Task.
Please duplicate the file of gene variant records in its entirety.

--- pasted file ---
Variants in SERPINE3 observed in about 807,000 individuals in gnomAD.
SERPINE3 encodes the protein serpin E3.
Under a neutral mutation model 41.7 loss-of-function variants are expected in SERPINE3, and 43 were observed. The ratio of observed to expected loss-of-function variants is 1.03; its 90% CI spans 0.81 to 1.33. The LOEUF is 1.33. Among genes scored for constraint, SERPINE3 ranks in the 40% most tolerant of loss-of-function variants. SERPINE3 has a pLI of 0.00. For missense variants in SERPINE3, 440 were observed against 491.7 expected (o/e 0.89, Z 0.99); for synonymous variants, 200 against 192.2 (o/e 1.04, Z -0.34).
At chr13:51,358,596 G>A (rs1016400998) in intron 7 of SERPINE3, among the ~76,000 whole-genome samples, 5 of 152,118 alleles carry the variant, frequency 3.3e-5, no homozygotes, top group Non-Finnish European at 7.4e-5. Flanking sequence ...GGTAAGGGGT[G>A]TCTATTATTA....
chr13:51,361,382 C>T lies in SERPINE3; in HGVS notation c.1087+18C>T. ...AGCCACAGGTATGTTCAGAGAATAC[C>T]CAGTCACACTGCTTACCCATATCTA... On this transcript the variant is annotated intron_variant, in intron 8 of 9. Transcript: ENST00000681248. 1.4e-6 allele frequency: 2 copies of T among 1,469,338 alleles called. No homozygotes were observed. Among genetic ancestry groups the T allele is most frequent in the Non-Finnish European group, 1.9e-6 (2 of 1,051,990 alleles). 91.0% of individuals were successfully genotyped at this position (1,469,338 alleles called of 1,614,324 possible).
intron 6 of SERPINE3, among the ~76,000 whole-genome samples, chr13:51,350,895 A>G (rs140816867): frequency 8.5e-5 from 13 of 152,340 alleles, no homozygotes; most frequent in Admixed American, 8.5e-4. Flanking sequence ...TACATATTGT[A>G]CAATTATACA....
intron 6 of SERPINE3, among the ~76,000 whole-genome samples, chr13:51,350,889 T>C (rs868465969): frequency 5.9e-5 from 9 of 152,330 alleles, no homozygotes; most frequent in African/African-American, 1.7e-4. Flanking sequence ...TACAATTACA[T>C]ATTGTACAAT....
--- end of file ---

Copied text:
Variants in SERPINE3 observed in about 807,000 individuals in gnomAD.
SERPINE3 encodes the protein serpin E3.
Under a neutral mutation model 41.7 loss-of-function variants are expected in SERPINE3, and 43 were observed. The ratio of observed to expected loss-of-function variants is 1.03; its 90% CI spans 0.81 to 1.33. The LOEUF is 1.33. Among genes scored for constraint, SERPINE3 ranks in the 40% most tolerant of loss-of-function variants. SERPINE3 has a pLI of 0.00. For missense variants in SERPINE3, 440 were observed against 491.7 expected (o/e 0.89, Z 0.99); for synonymous variants, 200 against 192.2 (o/e 1.04, Z -0.34).
At chr13:51,358,596 G>A (rs1016400998) in intron 7 of SERPINE3, among the ~76,000 whole-genome samples, 5 of 152,118 alleles carry the variant, frequency 3.3e-5, no homozygotes, top group Non-Finnish European at 7.4e-5. Flanking sequence ...GGTAAGGGGT[G>A]TCTATTATTA....
chr13:51,361,382 C>T lies in SERPINE3; in HGVS notation c.1087+18C>T. ...AGCCACAGGTATGTTCAGAGAATAC[C>T]CAGTCACACTGCTTACCCATATCTA... On this transcript the variant is annotated intron_variant, in intron 8 of 9. Transcript: ENST00000681248. 1.4e-6 allele frequency: 2 copies of T among 1,469,338 alleles called. No homozygotes were observed. Among genetic ancestry groups the T allele is most frequent in the Non-Finnish European group, 1.9e-6 (2 of 1,051,990 alleles). 91.0% of individuals were successfully genotyped at this position (1,469,338 alleles called of 1,614,324 possible).
intron 6 of SERPINE3, among the ~76,000 whole-genome samples, chr13:51,350,895 A>G (rs140816867): frequency 8.5e-5 from 13 of 152,340 alleles, no homozygotes; most frequent in Admixed American, 8.5e-4. Flanking sequence ...TACATATTGT[A>G]CAATTATACA....
intron 6 of SERPINE3, among the ~76,000 whole-genome samples, chr13:51,350,889 T>C (rs868465969): frequency 5.9e-5 from 9 of 152,330 alleles, no homozygotes; most frequent in African/African-American, 1.7e-4. Flanking sequence ...TACAATTACA[T>C]ATTGTACAAT....